# Direct decompositions of torsion-free abelian groups

In his paper A. L. S. Corner, A note on rank and direct decompositions of torsion-free abelian groups, Camb. Phil. Soc. Proc. 57, (1961), 230--233, in which the late Prof. Corner proves various criteria for a finite rank torsion--free abelian group to have non--isomorphic indecomposable decompositions, he writes

It can be shown quite readily that an equation such as $1 + 1 + 2 = 1 + 3$ cannot be realized in terms of direct sums of indecomposable groups.

By this he means that there is no abelian group $A=B_1\oplus B_2\oplus B_3=C_1\oplus C_2$ with indecomposable summands of rank $(B_1)=$rank $(B_2)=$ rank $(C_1)=1$, rank $(B_3)=2$ and rank $(C_2)=3$.

This result does not follow from anything else in the paper nor any of the references to the paper and I am unable to prove it either readily or otherwise.

Can anyone suggest a suitable approach?

• I think this follows from the structure theorem for finitely generated abelian groups. I could only find part II of the paper, which deals with groups of infinite rank; I can hardly imagine what can be written about torsion-free abelian groups of finite rank. – Alex Degtyarev Oct 28 '16 at 8:17
• Alex Deglyarev: The groups in question are not finitely generated. There are several examples of torsion-free finite rank groups which have non-isomorphic indecomposable decompositions in Chapter 13 of Vol.2 of Fuchs Infinite Abelian Groups, including an exposition of Corner's results, but not the question I asked. Incidentally, this is not simply an isolated problem, but part of a general program to describe sets of partitions of $n$ which can be realised by a rank $n$ torsion-free abelian group. – Phill Schultz Oct 28 '16 at 9:04
• @AlexDegtyarev In the world of abelian groups, the "rank" of a group $A$ usually means the dimension of $A\otimes_\mathbb{Z}\mathbb{Q}$, not the size of a generating set. – Jeremy Rickard Oct 28 '16 at 9:22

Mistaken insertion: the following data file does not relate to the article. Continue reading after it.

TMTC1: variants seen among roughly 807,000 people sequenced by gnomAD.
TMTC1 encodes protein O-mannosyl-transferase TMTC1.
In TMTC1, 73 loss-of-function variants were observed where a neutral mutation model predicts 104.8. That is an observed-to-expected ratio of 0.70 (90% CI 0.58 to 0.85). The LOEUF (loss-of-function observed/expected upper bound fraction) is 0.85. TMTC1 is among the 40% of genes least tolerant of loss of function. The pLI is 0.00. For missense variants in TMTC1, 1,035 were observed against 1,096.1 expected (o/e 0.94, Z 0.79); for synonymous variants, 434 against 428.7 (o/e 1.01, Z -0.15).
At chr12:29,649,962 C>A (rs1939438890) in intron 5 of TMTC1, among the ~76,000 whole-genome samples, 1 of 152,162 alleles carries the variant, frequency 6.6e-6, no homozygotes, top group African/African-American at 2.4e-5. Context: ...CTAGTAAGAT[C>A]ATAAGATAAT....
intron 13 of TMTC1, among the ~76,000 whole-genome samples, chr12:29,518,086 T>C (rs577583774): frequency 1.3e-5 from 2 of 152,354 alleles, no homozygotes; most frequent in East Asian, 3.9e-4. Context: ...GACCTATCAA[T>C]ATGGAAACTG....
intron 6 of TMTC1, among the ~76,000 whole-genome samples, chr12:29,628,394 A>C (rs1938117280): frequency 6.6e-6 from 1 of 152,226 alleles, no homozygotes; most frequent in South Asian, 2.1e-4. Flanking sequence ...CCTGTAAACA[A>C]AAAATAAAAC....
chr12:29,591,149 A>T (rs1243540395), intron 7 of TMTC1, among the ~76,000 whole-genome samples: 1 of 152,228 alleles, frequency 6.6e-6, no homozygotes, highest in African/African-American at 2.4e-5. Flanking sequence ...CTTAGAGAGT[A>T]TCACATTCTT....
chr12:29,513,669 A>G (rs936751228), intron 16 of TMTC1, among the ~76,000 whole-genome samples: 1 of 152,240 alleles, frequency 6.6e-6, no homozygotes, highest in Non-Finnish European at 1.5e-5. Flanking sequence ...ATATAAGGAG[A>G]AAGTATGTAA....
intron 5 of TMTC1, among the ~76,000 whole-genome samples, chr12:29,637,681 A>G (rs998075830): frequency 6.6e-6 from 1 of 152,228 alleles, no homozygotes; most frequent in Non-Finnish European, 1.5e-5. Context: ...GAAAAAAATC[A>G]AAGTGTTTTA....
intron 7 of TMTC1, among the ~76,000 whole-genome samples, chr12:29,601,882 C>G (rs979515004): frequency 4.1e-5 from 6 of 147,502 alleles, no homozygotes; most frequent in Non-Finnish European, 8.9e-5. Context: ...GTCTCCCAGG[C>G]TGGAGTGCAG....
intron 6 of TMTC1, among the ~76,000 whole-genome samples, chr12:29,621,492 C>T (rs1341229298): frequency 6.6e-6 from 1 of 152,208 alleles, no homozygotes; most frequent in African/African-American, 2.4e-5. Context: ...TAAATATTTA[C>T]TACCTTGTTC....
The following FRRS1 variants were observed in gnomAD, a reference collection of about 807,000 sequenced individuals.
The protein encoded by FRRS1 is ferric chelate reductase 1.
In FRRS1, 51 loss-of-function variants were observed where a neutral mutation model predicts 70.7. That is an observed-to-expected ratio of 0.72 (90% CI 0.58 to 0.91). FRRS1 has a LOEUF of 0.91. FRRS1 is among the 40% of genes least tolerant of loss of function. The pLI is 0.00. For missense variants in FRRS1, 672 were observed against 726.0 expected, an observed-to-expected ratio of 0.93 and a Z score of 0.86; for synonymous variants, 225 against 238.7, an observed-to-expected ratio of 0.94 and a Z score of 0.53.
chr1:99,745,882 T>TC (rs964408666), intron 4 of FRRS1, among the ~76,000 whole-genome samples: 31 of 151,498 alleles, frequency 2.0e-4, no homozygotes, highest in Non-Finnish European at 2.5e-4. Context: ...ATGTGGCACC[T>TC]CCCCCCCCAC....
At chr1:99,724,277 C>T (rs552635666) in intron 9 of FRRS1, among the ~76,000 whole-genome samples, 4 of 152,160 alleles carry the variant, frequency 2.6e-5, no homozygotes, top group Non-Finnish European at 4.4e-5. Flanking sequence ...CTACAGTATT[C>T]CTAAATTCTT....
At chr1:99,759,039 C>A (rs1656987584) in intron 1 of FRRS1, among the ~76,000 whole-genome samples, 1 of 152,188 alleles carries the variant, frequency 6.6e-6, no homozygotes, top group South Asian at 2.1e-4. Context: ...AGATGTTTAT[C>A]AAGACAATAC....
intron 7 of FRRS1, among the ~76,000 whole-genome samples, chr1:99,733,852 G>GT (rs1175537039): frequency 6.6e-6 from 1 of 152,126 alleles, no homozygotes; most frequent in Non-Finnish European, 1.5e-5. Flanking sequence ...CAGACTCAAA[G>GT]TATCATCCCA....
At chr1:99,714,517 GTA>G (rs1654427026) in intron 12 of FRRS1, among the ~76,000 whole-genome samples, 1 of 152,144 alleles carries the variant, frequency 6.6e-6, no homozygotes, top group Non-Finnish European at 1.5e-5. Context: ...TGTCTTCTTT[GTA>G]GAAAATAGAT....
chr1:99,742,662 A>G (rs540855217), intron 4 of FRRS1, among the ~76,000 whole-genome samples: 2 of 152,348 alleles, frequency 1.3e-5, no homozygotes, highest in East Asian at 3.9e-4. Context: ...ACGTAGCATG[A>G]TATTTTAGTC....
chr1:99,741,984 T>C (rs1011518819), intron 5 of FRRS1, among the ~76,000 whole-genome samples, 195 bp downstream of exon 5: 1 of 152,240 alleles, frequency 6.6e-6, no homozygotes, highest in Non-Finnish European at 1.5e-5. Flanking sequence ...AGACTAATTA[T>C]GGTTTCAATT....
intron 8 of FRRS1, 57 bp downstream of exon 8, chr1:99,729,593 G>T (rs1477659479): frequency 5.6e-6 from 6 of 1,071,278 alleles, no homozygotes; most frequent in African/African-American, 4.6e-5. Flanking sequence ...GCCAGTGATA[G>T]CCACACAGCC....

• OK, I've retracted my close vote :) – Alex Degtyarev Oct 28 '16 at 10:18

I switch notation to make it intuitive (at least for me): assume by contradiction that $G$ is a torsion abelian free group of rank 4 (i.e., isomorphic to a subgroup of $\mathbf{Q}^4$ containing $\mathbf{Z}^4$) and $$A_1\oplus A_2\oplus B=G=A\oplus C,$$ with $A_1,A_2,A$ subgroups of rank 1, $B$ of rank 2, $C$ of rank 3 and $B,C$ indecomposable.

Then $A$ cannot be contained in $A_2\oplus B$ because otherwise we would have $G/A\simeq A_1\oplus (A_2\oplus B)/A\simeq C$, contradicting that $C$ is indecomposable, and similarly $A$ is not contained in any of $A_1\oplus B$, $A_1\oplus A_2$. Again similarly, $A_1\oplus A_2$ is not contained in $C$ since this would imply $G/(A_1\oplus A_2)\simeq B\simeq A\oplus C/(A_1\oplus A_2)$, contradicting that $B$ is indecomposable.

Write $\{1,2\}=\{i,j\}$. Then $A$ being a subgroup of $A_i\oplus (A_j\oplus B)$ not contained in $A_j\oplus B$, it is isomorphic to a subgroup of $A_i$. So $A$ is isomorphic to a subgroup of both $A_1$ and $A_2$.

Also, $A_1\oplus A_2$ being not contained in $C$, there exists $i$ in $\{1,2\}$ such that $A_i$ is not contained in $C$; we assume $i=2$ up to switching notation. Since $A_2\subset G=A\oplus C$, we deduce that $A_2$ is isomorphic to a subgroup of $A$.

If $U,V$ are subgroups of $\mathbf{Q}$, $U$ and $V$ are isomorphic if and only if $U\cap V$ has finite index in both $U$ and $V$ (simple consequence of classification, or easy exercise). In particular, if $U$ is isomorphic to a subgroup of $V$ and $V$ is isomorphic to a subgroup of $V$, then $U,V$ are isomorphic.

So $A$ and $A_2$ are isomorphic, and are isomorphic to a subgroup of $A_1$. We now distinguish two cases.

(a) $A_1$ is contained in $C$. Then $C=A_1\oplus ((A_2\oplus B)\cap C)$: indeed, first it's clear that the sum is direct, and if $c\in C$, write it as $a_1+x$ with $a_1\in A_1$ and $x\in A_2\oplus B$: since $a_1\in C$, we deduce that $x\in C$. So we contradict that $C$ is indecomposable.

(b) $A_1$ is also not contained in $C$. Then, for the same reason as previously (when we checked that $A$ and $A_2$ are isomorphic), $A$ and $A_1$ are isomorphic. Therefore the group $\mathrm{GL}_2(\mathbf{Z})$ acts on $A_1\oplus A_2\simeq A\oplus A$ in the standard way, and this action is transitive on the set of maximal rank 1 subgroups, and also it extends to an action on $G$ (because $A_1\oplus A_2$ is a direct factor in $G$). Therefore, if $A'$ is the projection of $A$ on $A_1\oplus A_2$ modulo $B$, we can use such an automorphism and change $A_1$ and $A_2$ so as to assume that $A'\subset A_1$. This means that $A\subset A_1\oplus B$, and we have shown that this cannot be the case.